As effective vaccines against HIV remain elusive, Johns Hopkins researchers have completed the first tests to see if a drug already used to treat HIV infection might one day be used to prevent sexual and blood-borne transmission of the virus that causes AIDS.
Reported in the March 7 issue of the journal AIDS (available online now), the 12-week study of nevirapine in Baltimore is believed to be the first in the United States to evaluate a pre-exposure, drug-based prevention strategy for adults at high risk, say the researchers. Previous strategies have focused on behavioral changes such as condom use and clean needles.
"This is a new concept for prevention of HIV infection," says J. Brooks Jackson, M.D., M.B.A., director of pathology and leader of the study. "A combination of drugs is used to treat HIV infection, but we want to see if long-term, low doses of one of these drugs can prevent new HIV infections in people at high risk. HIV infection rates are fairly steady in the United States, but skyrocketing elsewhere. We can't afford to wait for a vaccine."
When taken twice a day, nevirapine is one part of routine anti-retroviral therapy to keep HIV infection from resulting in AIDS. In small, one-time-only doses, the Johns Hopkins researchers already have proven — overseas — that nevirapine cuts in half the risk an HIV-infected mother will pass the virus to her baby during childbirth.
The new study tested the safety of three different doses of nevirapine – all just a fraction of the treatment dose – in 33 people at high risk of contracting HIV because of sexual practices or injection drug use. No serious adverse side effects related to nevirapine were seen in any participants, and none contracted HIV during the study period, the scientists report.
"This study wasn't designed to test whether nevirapine could in fact prevent HIV transmission, but it would have been bad for the future of this effort if we'd detected significant side effects or new infection," notes Jackson. "The important thing is that the treatment doses were well tolerated, and now we feel comfortable moving forward."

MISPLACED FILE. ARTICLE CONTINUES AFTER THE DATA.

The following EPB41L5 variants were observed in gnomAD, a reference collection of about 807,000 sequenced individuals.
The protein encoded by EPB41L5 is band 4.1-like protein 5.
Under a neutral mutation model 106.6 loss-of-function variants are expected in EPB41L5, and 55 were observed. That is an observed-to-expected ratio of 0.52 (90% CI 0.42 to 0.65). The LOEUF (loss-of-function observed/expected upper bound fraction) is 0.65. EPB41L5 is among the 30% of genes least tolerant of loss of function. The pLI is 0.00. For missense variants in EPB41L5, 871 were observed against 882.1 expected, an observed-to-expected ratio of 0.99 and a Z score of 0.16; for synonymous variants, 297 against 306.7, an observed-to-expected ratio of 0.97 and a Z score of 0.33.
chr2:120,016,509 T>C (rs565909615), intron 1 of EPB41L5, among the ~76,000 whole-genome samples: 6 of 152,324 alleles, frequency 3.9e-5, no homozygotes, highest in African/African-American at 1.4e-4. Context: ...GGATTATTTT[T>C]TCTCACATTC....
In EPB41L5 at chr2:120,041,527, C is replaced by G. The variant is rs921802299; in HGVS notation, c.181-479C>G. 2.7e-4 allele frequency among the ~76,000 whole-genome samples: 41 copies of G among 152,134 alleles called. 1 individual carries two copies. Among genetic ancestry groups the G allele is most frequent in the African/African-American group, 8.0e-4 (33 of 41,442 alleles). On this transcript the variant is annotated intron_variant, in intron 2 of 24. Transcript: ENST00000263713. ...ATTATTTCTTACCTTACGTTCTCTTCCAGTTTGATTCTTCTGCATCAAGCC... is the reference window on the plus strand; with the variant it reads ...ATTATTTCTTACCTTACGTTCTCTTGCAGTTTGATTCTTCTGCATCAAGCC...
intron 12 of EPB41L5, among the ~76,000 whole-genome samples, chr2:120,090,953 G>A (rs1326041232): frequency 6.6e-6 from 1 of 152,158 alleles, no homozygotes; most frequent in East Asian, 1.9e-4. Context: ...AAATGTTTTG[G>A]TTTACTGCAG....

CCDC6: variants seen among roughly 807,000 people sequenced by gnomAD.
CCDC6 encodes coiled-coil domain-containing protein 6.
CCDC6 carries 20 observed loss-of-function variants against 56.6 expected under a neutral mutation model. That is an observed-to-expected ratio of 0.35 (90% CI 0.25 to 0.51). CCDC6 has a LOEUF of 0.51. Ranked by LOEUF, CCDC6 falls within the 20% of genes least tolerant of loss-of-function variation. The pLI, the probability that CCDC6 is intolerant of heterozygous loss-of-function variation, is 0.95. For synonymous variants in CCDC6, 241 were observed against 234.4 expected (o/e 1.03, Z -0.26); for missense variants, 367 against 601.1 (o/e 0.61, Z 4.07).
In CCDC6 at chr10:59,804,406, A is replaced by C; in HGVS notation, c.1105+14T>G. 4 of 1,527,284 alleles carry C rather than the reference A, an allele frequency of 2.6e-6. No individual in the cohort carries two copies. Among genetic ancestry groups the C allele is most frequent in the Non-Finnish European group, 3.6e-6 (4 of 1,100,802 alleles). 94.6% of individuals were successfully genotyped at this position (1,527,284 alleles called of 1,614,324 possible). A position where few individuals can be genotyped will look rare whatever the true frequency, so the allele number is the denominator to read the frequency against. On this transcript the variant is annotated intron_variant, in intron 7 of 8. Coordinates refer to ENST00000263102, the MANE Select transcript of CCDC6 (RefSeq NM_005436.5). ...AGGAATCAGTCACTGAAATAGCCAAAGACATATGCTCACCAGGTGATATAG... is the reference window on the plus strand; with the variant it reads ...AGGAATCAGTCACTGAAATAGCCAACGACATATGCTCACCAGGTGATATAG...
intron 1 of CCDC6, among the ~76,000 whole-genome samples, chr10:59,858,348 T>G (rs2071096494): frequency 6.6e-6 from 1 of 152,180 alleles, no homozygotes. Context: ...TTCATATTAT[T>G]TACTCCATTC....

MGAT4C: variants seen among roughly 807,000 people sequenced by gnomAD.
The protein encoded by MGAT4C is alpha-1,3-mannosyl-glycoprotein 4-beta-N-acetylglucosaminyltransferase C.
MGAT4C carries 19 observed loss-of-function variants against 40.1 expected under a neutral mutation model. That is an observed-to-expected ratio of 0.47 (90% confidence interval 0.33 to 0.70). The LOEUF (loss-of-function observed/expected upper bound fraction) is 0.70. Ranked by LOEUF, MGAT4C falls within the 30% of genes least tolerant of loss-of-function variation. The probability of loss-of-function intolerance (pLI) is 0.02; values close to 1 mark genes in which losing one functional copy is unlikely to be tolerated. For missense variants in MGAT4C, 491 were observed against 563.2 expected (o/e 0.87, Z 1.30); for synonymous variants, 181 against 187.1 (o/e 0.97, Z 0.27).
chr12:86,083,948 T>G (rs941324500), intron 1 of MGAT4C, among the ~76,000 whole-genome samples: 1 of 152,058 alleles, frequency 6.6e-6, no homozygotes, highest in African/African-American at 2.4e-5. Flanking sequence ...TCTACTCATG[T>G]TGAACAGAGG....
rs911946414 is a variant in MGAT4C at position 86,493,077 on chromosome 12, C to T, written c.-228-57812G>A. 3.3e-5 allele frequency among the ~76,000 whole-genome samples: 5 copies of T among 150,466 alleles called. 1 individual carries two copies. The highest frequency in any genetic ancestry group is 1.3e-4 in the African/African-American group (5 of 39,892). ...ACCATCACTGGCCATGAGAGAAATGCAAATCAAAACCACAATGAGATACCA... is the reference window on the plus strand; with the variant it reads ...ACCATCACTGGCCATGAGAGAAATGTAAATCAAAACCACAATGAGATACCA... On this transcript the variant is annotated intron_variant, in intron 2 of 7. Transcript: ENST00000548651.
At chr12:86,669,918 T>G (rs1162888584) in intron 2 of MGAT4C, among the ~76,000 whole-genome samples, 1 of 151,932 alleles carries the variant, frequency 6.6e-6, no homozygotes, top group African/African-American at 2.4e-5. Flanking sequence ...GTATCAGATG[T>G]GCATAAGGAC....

While it can take as long as six months after exposure for HIV to appear, today's HIV tests (which detect antibodies created to battle the virus) can reliably catch a new infection within four to six weeks of exposure, notes Jackson.
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At treatment-level doses of 200 milligrams twice a day, the risk of liver damage is serious enough when used with other anti-retroviral drugs that nevirapine is not used to prevent HIV infection after suspected exposure (such as in health care workers or rape victims). The three much-lower doses tested were chosen to spare the liver, yet keep blood levels of the drug high enough to potentially provide a benefit.
Participants were divided into three groups: the first 12 received one tablet (200 milligrams) of nevirapine once a week for 12 weeks, the second group of 12 received one tablet twice a week, and the third group of nine took one tablet every other day. The scientists tested for HIV and hepatitis B and C infection and measured participants' liver function throughout the study period.
No clinically severe or life-threatening side effects were seen at any dose, says Jackson. However, participants susceptible to liver damage for reasons other than nevirapine (hepatitis C infection, excessive alcohol consumption, or exposure to toxic chemicals) were more likely to have slightly elevated liver enzymes (a measure of liver function) while taking the drug, regardless of dose.
Importantly, the researchers discovered that at all doses, blood levels of the drug seemed high enough to potentially prevent HIV infection. While the necessary blood level of nevirapine to prevent HIV infection in people is unknown, in the lab 10 nanograms of the drug per milliliter is enough to inhibit the virus.
"We decided on a blood level of drug 10 times that as the lowest desirable level in our study, but we don't know yet whether that will prevent infection," notes Jackson. That determination will begin with a large clinical trial, currently in the planning stages.
Tested just before getting their next dose of nevirapine, almost all participants had at least the desired level of nevirapine in their blood. While no new infections were noted, one participant with longstanding hepatitis B infection no longer tested positive after two weekly doses of nevirapine, a finding worth pursuing, says Jackson.
A few participants had blood levels of nevirapine as high as those typically seen with treatment-size doses, which could possibly contribute to liver damage over time. Another concern is that chronic use of nevirapine or another medicine might make the drug less useful if HIV infection does occur, notes Jackson. However, if the drug is well tolerated and prevents infection, that may be a risk worth taking, he adds.
The study was funded by the Johns Hopkins School of Medicine Department of Pathology. Authors on the report are Jackson, Scott Barnett, Estelle Piwowar-Manning, Linda Apuzzo, Charles Raines, Craig Hendrix, Fayez Hamzeh and Joel Gallant, all of Johns Hopkins.